What learning opportunities should there by in your own language learning program?
There are 4 main conditions that are very good for language learning. These conditions should be balanced throughout a course through a variety of activities. These four different categories of activities should be planned evenly throughout a course. Think of a braid with four strings. The strings are the 4 Strands. The braid itself is a language course.
The Four Strands are:
- Meaning Focused Input
- Meaning Focused Output
- Language Focused Learning
- Fluency Development
Meaning Focused Input: Learn from lots of listening and reading
The most important kind of activity for second language acquisition comes in the form of comprehensible input. According to Stephen Krashen’s Comprehensible Input Hypothesis, we acquire language when we understand it. The reading or listening that we do should be just a bit more difficult than our current level. It turns out that we learn grammar and vocabulary implicitly through understanding written and spoken messages. For this to work best, we should know 98% of the vocabulary and get lots of it. This kind of comprehensible input is called Meaning Focused Input.
Meaning Focused Input is the most important of the Four Strands.
Meaning Focused Output: Learn from communicating in speaking and writing
Not only do we have an Input Hypothesis, but we’ve also got an Output Hypothesis. This was first described by Merril Swain. When we push ourselves to communicate in new ways we develop ideas for how to express our meaning, then we test it out, then we get feedback: did the other person understand me? We have to make decisions about grammar, vocabulary, and pronunciation when we speak and write. This is likely not the only requirement for language acquisition, but it is likely a very important part. When you engage in a speaking activity for Meaning Focused Output you get plenty of Meaning Focused Input from your partner.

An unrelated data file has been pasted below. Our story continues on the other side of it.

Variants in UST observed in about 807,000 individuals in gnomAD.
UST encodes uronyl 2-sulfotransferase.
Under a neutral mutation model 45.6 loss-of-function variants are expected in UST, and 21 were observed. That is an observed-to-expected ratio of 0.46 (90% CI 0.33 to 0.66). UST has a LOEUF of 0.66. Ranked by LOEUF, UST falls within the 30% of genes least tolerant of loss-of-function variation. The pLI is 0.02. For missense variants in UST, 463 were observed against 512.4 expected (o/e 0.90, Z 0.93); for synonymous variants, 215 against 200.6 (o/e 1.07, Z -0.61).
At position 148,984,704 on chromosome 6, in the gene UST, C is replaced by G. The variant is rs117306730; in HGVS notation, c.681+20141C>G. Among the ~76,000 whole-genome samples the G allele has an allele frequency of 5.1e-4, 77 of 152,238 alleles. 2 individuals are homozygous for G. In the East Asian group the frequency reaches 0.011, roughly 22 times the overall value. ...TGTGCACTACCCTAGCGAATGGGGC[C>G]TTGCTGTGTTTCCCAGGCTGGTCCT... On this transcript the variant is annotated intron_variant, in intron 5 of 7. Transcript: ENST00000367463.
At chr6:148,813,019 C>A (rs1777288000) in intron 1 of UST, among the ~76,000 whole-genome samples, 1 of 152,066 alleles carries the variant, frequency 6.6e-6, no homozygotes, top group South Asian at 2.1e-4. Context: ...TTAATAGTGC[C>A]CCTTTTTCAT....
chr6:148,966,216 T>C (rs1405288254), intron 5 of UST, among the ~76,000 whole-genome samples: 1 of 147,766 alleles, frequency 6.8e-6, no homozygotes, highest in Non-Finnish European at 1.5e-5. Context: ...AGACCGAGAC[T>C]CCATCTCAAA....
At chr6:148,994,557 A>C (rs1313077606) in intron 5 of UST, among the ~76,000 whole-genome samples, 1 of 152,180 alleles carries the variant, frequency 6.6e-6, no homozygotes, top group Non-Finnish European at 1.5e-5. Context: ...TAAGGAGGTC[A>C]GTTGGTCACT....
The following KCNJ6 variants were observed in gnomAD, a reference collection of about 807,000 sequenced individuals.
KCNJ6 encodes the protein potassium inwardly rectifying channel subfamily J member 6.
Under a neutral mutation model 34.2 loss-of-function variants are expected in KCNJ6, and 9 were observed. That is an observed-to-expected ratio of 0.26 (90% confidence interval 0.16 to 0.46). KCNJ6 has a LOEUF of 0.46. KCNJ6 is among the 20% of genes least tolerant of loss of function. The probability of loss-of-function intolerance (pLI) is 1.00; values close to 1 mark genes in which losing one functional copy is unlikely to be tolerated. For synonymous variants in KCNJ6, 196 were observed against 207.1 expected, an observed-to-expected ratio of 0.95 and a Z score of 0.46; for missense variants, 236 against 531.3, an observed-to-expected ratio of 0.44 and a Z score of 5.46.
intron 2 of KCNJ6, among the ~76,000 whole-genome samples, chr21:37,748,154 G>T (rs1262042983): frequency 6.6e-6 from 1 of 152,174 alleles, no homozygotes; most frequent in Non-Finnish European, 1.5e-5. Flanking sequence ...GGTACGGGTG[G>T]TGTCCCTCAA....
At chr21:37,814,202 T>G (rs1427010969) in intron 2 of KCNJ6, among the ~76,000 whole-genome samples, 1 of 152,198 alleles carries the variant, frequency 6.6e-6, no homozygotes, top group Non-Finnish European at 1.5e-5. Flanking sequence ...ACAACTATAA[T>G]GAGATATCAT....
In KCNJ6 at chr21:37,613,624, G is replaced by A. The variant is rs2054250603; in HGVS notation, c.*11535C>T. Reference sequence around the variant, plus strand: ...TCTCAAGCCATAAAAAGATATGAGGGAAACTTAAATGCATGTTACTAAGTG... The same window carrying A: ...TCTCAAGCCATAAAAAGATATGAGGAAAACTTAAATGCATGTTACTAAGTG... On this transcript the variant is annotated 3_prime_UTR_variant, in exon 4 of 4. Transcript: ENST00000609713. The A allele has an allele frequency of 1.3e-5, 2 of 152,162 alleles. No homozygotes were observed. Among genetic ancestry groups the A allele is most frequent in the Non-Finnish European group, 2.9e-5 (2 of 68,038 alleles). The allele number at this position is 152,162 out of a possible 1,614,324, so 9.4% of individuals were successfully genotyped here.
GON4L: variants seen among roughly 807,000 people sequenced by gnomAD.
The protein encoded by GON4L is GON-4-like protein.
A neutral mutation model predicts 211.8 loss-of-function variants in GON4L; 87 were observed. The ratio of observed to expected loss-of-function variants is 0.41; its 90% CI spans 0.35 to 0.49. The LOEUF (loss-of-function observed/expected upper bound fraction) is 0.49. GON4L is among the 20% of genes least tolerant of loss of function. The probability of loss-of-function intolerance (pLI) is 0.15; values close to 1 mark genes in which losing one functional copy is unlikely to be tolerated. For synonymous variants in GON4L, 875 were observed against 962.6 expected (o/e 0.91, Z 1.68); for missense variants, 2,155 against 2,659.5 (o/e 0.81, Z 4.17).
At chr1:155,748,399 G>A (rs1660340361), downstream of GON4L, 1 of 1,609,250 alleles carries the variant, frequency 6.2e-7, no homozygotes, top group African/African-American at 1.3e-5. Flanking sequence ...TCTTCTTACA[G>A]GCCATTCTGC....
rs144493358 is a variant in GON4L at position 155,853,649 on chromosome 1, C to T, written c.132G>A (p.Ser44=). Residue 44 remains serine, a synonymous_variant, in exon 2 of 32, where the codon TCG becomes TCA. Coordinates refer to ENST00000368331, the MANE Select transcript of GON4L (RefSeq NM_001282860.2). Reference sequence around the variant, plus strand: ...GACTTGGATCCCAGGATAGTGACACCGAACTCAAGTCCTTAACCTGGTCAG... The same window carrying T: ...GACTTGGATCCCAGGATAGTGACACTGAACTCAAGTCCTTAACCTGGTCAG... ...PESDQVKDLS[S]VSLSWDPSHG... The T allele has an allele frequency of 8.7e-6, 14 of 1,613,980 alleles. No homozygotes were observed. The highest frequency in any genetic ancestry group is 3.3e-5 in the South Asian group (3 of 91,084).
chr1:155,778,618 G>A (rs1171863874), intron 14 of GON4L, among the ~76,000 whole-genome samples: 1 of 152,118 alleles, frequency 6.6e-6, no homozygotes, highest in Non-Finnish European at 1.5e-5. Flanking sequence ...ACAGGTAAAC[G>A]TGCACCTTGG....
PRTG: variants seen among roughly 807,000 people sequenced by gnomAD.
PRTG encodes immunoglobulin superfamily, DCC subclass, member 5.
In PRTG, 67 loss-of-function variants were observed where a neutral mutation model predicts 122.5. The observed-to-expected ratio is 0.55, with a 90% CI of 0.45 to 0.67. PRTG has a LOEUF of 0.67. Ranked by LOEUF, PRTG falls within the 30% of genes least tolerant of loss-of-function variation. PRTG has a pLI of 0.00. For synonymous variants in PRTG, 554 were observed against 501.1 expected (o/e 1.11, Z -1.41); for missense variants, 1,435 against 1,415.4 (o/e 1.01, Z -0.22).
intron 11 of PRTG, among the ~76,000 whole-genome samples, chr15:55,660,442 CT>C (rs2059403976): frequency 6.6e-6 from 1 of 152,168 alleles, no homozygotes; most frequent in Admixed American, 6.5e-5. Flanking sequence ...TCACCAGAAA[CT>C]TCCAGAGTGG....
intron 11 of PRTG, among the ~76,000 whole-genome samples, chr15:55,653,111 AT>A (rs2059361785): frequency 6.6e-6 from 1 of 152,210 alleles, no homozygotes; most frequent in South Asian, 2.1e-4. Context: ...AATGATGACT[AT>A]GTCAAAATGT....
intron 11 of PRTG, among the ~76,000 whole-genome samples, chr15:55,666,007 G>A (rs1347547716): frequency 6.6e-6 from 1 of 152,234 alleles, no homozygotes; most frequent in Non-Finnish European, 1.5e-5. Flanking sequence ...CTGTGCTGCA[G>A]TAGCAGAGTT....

In the Four Strands, this kind of learning is called Meaning Focused Output.
Fluency Development: Getting better and faster at using what you know
So far we’ve talked about receiving messages with reading and listening and communicating messages with speaking and writing. We learn language by decoding input and by stretching our abilities with output. Fluency Development is about using what we know and going faster. This is true with any of the four skills. Fluency with speaking is practiced by practicing very easy talks or dialogues multiple times and pushing for speed. In a classroom that would mean changing partners and giving the same talk again and again. With reading it would be rereading a book we’ve read or reading something really easy for speed. To practice fluency, just remember, you’ve got to do something easy, repeat it, and push for speed.
Language Focused Learning: deliberate learning of language features
This Strand is about deliberately trying to learn language features like grammar (rules), vocabulary, and pronunciation. When people think about language learning, they usually think about this. There are various activities you can do in this Strand. One of the best ones is learning vocabulary through word cards.
You’ll notice that Language Focused Learning is the only strand that is not message-focused. That means we should spend 75% of our time using the language. Most language courses spend way too much time about a language in the Language Focused Learning Strand.
What do you do next?
Find out more about the 4 Strands here at Sound Practice. I will be covering more in future posts. Following the principle of the 4 Strands is essential because it allows learning to happen and ensures we don’t teach too much (or study too much). The 4 Strands makes sure we don’t get in the way of learning by doing too much of one thing.
Everything I know about the 4 Strands has come from reading the work of Paul Nation and putting his ideas into practice.
Paul Nation’s website has a lot of resources for language teachers that are free to download.
These books are excellent resources for getting started:
- Nation, Paul. “What Should Every EFL Teacher Know?” Compass Publishing.
- Nation, Paul. “What you need to know to learn a foreign language.” Available for download at Paul Nation’s Website
- Nation, P. and Newton, J. “Teaching ESL/EFL Listening and Speaking.” Routledge Publishing 2009.
- Nation, P. and Newton, J. “Teaching ESL/EFL Reading and Writing.” Routledge Publishing 2009.